Château de Combourg
The castle stands on a small hill next to Lac Tranquille (Lake Tranquil) in the town.
The original castle on the site was built around 1025 by Archbishop Guinguené, who gave it to his illegitimate brother Riwallon. Major alterations were made between the 15th and 19th centuries.
The castle consists of four large, powerful buildings of dressed granite, with crenellations and machicolations, enclosing a rectangular courtyard. In each corner of this massive fortress is a round tower, also with crenellations and machicolations, with conical roofs.
In 1761, the Chateaubriand family acquired the property and it was the childhood home of François-René de Chateaubriand (1768–1848).
Arthur Young, the English writer and economist, visited Combourg on his travels through France in 1788. He wrote scathingly of the town and described the castle thus:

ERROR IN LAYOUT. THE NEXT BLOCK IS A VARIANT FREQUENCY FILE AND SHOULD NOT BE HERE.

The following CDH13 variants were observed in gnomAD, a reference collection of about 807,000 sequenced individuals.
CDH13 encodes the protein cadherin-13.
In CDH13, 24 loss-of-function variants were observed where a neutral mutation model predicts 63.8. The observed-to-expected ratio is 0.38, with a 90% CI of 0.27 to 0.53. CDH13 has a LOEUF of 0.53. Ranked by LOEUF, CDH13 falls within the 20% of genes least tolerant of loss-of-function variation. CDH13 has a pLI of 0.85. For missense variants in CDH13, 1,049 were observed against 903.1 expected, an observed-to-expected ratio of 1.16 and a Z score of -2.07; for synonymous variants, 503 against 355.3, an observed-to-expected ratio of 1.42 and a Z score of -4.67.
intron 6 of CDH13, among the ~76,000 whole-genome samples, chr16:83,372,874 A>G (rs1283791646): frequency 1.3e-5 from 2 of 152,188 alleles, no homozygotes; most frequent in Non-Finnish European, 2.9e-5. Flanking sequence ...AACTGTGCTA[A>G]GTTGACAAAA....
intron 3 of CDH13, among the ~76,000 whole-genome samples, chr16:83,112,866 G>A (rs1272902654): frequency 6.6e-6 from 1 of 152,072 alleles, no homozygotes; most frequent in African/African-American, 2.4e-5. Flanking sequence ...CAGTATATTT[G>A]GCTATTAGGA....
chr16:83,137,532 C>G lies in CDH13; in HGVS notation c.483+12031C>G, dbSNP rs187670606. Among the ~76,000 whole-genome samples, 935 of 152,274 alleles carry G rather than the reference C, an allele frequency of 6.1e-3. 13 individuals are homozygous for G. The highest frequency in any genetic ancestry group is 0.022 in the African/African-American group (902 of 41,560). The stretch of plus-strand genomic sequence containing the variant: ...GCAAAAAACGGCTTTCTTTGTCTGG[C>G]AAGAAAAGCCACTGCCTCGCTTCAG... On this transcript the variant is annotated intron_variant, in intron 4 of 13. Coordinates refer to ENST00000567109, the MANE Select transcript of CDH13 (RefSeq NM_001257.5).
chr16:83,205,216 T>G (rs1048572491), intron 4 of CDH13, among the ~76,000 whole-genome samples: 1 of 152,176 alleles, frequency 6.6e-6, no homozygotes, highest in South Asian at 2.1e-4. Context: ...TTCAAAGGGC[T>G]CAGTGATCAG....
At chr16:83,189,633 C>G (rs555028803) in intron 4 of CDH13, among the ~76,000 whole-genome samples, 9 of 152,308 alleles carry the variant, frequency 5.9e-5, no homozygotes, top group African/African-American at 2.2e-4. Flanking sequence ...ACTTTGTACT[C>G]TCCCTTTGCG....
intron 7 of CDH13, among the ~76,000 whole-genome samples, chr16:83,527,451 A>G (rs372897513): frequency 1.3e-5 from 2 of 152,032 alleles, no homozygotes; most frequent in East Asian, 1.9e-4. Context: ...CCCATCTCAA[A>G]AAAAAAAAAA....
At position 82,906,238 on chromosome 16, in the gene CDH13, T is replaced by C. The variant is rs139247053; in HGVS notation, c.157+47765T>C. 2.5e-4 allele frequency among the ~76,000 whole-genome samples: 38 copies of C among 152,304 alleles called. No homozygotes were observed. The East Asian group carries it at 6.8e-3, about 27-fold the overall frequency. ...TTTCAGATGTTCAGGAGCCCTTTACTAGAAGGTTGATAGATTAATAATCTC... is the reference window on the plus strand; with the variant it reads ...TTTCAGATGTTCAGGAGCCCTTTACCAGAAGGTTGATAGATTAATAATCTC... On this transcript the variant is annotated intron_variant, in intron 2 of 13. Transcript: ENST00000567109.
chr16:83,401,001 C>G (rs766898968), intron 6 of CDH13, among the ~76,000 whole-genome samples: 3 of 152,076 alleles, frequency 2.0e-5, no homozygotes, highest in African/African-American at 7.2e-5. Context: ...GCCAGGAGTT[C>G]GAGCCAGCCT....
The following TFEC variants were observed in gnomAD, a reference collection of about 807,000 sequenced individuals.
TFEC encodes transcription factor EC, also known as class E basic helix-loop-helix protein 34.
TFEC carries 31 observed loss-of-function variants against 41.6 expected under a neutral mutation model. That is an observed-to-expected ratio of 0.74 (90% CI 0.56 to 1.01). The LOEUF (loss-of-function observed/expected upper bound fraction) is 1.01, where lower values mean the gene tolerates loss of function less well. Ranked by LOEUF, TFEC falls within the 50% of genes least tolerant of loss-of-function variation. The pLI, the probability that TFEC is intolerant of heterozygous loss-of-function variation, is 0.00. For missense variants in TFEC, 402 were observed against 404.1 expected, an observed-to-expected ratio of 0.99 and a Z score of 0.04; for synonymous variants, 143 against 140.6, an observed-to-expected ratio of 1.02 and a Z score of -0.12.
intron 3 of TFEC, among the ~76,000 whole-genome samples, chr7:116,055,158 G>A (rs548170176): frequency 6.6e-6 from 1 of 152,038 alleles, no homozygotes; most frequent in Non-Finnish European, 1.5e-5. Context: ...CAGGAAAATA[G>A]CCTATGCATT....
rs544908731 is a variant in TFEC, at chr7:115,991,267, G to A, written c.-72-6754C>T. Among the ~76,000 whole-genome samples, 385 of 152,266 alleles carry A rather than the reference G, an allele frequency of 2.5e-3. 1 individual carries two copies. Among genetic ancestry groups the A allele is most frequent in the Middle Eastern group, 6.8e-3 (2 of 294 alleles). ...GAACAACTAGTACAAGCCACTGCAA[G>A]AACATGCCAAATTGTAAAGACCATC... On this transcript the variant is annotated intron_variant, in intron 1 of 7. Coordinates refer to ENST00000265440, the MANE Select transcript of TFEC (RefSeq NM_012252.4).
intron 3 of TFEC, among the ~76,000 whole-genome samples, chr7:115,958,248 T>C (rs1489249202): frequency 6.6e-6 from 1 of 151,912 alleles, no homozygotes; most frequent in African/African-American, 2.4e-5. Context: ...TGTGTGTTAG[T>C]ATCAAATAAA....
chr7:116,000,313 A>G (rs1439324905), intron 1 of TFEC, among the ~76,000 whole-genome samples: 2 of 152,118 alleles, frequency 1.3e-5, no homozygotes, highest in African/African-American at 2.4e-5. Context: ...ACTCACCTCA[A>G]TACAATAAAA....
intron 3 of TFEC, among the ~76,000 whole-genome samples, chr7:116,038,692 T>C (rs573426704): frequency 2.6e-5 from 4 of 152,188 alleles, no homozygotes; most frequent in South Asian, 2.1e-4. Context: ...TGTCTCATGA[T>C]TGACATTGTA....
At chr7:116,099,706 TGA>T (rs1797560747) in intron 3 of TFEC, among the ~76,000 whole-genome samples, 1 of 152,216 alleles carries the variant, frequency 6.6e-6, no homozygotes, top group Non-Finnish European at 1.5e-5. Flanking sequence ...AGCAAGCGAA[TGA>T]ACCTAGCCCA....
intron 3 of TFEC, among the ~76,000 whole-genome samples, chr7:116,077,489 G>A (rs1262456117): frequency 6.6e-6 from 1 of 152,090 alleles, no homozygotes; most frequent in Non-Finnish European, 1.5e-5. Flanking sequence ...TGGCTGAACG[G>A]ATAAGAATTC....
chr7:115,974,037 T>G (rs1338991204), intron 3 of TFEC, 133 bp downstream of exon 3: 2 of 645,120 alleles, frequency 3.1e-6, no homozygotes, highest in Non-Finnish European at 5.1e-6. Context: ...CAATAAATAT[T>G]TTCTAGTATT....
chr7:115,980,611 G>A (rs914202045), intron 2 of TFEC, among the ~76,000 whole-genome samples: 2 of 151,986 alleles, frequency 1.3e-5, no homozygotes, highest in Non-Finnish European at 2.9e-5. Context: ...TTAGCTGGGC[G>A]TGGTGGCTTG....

SEPTEMBER 1 ..... [Y]et here is a chateau, and inhabited; who is this Monsieur de Chateaubriant, the owner, that has nerves strung for a residence amidst such filth and poverty?
Chateaubriand commented later: "This M. de Chateaubriand was my father. The retreat that seemed so hideous to the ill-tempered agronomist was a fine and noble dwelling, albeit dark and solemn." He did not comment on Young's description of the town.
- Ministry of Culture listing (French)
- Photos on Ministry of Culture website
- The castle on www.combourg.net
- Ministry of Culture, database entry for Château de Combourg
- Arthur Young (1792) Travels in France During the Years 1787, 1788, 1789 reprinted 1977, p99.
- François-René de Chateaubriand, Vicomte de Mémoires d'outre-tombe. 2 vols, Ed. J-C Berchet. 1889-92
- Graham Robb, The Discovery of France, Picador, 2007, p.90
- www.culture.gouv.fr, accessed 5 Feb 2007 (French)